Search results for: 'Cultura'
Krug champagne. The “savoir faire” of a luxury turna … DE1-230-I
The case describes the champagne house Krug turnaround process. The house in the late ’90s had a troubled financial situation. Acquired by the French conglomerate LVMH in the late ’90s, and despite the efforts and investments, the house did not seem to recover and, by 2008, was once more suffering financial distress.
In 2009, Margareth Henríquez arrived as CEO. Based on her previous turnaround expertise in larger firms, Krug seemed like a less challenging project. However, her first year at Krug, with continuous declining sales, proved that Krug’s situation was more complicated than anticipated. The case allows a discussion of the real complexity in setting the strategic rationale of a turnaround. It describes the initial missteps and the search for guidance on the roots of the house, which brought Maggie on a journey of discovering the visionary approach of its founder, Joseph Krug.
The case is rich in detail across all firm facets to allow a discussion on all the transformation measures taken and its rationale. Then the case is well suited to a debate on strategy implementation. Likewise, it might also be appropriate to discuss the adjustment of the marketing policies on a turnaround.
Lastly, the case emphasizes the role of Maggie as a transformational driving force. A woman from a different culture on a selective, and to a certain extent, conservative market. Her strategic approach and her decisive leadership in challenging classic policies are also fundamental pillars of the transformation.Academic Area:Strategy | Marketing & Communications
Mobike Unicorn GE1-141-I
The case describes some strategic, marketing and organizational challenges faced by Mobike during the path of further expansion and growth. China, as an emerging and fast-expanding market, has its unique features. Mobike, as a successful Chinese startup, was able to survive a number of rounds of fundraising and stood at a crossroad, leading to different future growth paths.
The company has its doubts about the future. The point is not how to grow fast, but how to grow and stay in the market longer. The founder Hu Weiwei and CEO Davis Wang were concerned about the strategy for the future. The question was: should Mobike enter the deeper level of second- and third-tier cities in China, or should it pursue its global market penetration?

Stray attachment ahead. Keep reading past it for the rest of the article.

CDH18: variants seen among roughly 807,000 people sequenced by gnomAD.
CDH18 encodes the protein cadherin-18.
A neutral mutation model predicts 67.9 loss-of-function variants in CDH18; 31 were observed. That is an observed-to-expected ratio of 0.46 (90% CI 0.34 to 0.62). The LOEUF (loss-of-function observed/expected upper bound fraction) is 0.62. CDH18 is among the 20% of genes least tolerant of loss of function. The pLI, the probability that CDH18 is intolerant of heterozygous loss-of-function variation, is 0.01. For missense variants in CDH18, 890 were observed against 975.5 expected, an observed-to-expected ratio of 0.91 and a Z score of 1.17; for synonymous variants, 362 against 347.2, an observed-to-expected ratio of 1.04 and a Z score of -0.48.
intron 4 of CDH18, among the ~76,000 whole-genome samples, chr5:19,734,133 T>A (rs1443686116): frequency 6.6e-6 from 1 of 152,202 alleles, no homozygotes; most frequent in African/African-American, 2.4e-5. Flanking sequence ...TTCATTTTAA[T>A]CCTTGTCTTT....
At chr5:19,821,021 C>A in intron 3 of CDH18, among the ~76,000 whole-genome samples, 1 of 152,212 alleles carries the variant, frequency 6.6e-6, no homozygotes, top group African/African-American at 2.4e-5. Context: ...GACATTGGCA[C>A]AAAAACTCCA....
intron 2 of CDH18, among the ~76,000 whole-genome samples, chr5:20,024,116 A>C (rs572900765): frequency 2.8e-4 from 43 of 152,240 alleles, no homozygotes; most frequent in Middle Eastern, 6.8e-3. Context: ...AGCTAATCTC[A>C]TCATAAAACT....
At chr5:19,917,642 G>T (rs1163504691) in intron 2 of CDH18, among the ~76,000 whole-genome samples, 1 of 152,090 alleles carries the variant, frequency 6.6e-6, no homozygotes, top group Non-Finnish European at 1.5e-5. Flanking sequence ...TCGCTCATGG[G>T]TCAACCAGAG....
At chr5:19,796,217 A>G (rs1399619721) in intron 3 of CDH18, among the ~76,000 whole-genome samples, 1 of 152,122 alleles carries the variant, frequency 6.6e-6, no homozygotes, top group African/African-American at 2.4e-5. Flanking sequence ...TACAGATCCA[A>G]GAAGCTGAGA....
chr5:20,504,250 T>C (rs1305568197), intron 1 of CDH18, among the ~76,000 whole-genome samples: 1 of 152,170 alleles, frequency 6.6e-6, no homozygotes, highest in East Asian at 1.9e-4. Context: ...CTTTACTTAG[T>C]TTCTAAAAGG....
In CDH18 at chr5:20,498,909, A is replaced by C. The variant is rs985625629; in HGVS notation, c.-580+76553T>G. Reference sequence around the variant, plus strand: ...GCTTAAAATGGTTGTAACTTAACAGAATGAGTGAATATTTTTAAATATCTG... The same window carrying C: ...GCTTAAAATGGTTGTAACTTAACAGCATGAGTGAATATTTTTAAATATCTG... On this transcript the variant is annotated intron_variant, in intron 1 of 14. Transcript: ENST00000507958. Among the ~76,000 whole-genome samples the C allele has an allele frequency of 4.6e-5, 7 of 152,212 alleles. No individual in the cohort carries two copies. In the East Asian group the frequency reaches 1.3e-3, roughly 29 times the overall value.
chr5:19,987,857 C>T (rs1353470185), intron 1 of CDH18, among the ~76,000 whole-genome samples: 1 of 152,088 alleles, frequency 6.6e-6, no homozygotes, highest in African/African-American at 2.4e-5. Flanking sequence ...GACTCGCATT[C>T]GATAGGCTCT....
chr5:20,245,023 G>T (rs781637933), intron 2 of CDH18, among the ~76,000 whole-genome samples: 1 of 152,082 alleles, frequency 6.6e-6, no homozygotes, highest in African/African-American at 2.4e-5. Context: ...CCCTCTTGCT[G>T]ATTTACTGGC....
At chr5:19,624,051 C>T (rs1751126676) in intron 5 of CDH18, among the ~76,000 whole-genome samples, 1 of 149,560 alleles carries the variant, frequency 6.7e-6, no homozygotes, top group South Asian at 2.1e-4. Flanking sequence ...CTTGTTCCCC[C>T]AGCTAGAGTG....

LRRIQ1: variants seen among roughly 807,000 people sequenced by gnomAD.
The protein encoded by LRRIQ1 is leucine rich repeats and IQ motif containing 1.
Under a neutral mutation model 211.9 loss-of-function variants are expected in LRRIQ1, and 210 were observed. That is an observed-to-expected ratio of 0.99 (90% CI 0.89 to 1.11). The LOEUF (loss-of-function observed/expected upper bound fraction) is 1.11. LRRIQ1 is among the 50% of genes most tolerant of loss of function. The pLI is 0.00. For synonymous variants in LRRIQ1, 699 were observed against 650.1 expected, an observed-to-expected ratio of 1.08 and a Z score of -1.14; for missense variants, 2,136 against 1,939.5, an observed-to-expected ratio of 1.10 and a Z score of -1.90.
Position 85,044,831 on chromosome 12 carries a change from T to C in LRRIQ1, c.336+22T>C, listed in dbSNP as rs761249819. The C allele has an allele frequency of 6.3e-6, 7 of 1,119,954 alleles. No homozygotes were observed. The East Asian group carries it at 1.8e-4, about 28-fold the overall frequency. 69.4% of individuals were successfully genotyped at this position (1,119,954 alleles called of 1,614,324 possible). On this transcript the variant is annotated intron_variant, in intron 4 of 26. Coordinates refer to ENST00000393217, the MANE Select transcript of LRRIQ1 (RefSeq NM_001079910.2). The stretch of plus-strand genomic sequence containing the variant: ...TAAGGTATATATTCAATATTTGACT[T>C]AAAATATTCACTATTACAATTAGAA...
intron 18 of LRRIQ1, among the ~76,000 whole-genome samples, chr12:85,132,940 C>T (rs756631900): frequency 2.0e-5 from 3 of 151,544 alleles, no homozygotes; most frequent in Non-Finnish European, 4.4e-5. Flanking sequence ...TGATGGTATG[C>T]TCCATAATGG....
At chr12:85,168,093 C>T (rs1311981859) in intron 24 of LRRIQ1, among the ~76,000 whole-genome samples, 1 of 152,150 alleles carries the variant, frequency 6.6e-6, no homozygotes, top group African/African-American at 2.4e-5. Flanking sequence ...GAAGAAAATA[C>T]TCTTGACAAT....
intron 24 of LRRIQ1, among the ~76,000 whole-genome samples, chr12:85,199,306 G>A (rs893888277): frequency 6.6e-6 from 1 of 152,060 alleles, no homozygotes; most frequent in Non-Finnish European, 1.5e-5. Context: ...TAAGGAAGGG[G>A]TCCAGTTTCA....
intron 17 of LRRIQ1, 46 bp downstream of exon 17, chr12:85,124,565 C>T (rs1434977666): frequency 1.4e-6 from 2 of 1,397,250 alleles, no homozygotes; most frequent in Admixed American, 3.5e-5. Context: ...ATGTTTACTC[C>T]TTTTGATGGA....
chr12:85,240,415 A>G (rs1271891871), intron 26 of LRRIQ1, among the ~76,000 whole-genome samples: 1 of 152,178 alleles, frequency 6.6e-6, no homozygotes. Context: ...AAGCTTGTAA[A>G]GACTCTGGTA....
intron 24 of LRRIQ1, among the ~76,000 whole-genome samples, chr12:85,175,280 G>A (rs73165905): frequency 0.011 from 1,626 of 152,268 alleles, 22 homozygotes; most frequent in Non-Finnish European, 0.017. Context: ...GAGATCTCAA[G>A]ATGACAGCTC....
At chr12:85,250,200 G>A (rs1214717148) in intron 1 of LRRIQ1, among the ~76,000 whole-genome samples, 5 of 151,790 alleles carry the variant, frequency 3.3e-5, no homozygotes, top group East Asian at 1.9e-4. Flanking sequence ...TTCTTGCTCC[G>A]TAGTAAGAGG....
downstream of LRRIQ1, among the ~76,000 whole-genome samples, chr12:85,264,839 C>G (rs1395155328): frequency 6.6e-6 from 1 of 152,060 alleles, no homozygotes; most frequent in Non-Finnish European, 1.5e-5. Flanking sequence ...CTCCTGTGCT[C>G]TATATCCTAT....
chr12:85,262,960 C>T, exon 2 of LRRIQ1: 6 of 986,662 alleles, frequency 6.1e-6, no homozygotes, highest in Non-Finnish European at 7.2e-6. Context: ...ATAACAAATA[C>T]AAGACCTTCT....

The case illustrates the challenges presented by business expansion. It highlights the importance of strategic tools, namely business model canvas, scenario planning and market analysis, to reevaluate current business operations, clarify future possibilities and mitigate business risks.
The case could be used in business schools at a variety of levels, including undergraduate, MBA and Executive. It could also be used in marketing, strategy and international cultural management courses. It is particularly useful for participants who want to explore strategy domain or build market knowledge on Chinese markets and the growth path on Chinese startups.Academic Area:Strategy | Entrepreneurship | Marketing & Communications | Innovation
Consumers' purchasing behavior MK2-107-I
This document summarizes the concepts and basic processes involved in consumer behavior, emphasizing how understanding consumers' needs benefits both consumers and marketers. Understanding consumer behavior can allow companies to develop a commercial strategy that is better matched to consumers, which will increase demand and optimize the means to generate that demand. Some of the main challenges are the variability of behavior, its changing nature, and the complexities of studying it. The note delves into how consumer behavior can be studied in a systematic and precise way by using a wide range of theoretical approaches and models and how it can be affected by factors such as environmental influences (economic, political, technological and cultural context) and marketing actions. The document outlines the various psychological factors involved in decision-making (personality, lifestyles, beliefs and attitudes, motivation, perception and learning) as well as the non-psychological ones (age, sex, location, etc.) which allow the marketer to better understand the consumers’ buying habits. It explains the basic decision-making model in depth and how consumers’ behaviors can play an active role in generating value for the company or the opposite thanks to undesired behaviors such as boycotts, complaints and negative word of mouth. It wraps up by describing how to move consumers from habit buying to decision making.Academic Area:Marketing & Communications